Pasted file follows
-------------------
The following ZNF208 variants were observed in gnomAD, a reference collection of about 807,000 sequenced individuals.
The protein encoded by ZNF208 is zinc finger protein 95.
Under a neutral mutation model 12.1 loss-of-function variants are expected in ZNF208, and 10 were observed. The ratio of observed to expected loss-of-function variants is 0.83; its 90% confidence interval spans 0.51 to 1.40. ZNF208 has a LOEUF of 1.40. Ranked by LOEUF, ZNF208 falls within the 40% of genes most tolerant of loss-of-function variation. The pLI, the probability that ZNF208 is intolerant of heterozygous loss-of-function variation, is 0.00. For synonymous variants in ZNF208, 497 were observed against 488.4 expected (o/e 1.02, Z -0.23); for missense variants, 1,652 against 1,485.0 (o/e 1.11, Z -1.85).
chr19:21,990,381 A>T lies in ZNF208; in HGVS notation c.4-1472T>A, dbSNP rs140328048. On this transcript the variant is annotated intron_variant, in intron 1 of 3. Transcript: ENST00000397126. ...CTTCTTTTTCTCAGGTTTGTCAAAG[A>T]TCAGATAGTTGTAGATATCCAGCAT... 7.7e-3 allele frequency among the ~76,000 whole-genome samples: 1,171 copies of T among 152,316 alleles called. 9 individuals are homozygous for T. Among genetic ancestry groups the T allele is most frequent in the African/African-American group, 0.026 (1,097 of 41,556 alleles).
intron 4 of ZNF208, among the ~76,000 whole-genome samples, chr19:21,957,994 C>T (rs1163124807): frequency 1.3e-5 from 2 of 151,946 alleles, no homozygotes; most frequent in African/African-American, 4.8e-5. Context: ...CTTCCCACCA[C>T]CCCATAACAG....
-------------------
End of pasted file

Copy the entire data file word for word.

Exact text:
The following ZNF208 variants were observed in gnomAD, a reference collection of about 807,000 sequenced individuals.
The protein encoded by ZNF208 is zinc finger protein 95.
Under a neutral mutation model 12.1 loss-of-function variants are expected in ZNF208, and 10 were observed. The ratio of observed to expected loss-of-function variants is 0.83; its 90% confidence interval spans 0.51 to 1.40. ZNF208 has a LOEUF of 1.40. Ranked by LOEUF, ZNF208 falls within the 40% of genes most tolerant of loss-of-function variation. The pLI, the probability that ZNF208 is intolerant of heterozygous loss-of-function variation, is 0.00. For synonymous variants in ZNF208, 497 were observed against 488.4 expected (o/e 1.02, Z -0.23); for missense variants, 1,652 against 1,485.0 (o/e 1.11, Z -1.85).
chr19:21,990,381 A>T lies in ZNF208; in HGVS notation c.4-1472T>A, dbSNP rs140328048. On this transcript the variant is annotated intron_variant, in intron 1 of 3. Transcript: ENST00000397126. ...CTTCTTTTTCTCAGGTTTGTCAAAG[A>T]TCAGATAGTTGTAGATATCCAGCAT... 7.7e-3 allele frequency among the ~76,000 whole-genome samples: 1,171 copies of T among 152,316 alleles called. 9 individuals are homozygous for T. Among genetic ancestry groups the T allele is most frequent in the African/African-American group, 0.026 (1,097 of 41,556 alleles).
intron 4 of ZNF208, among the ~76,000 whole-genome samples, chr19:21,957,994 C>T (rs1163124807): frequency 1.3e-5 from 2 of 151,946 alleles, no homozygotes; most frequent in African/African-American, 4.8e-5. Context: ...CTTCCCACCA[C>T]CCCATAACAG....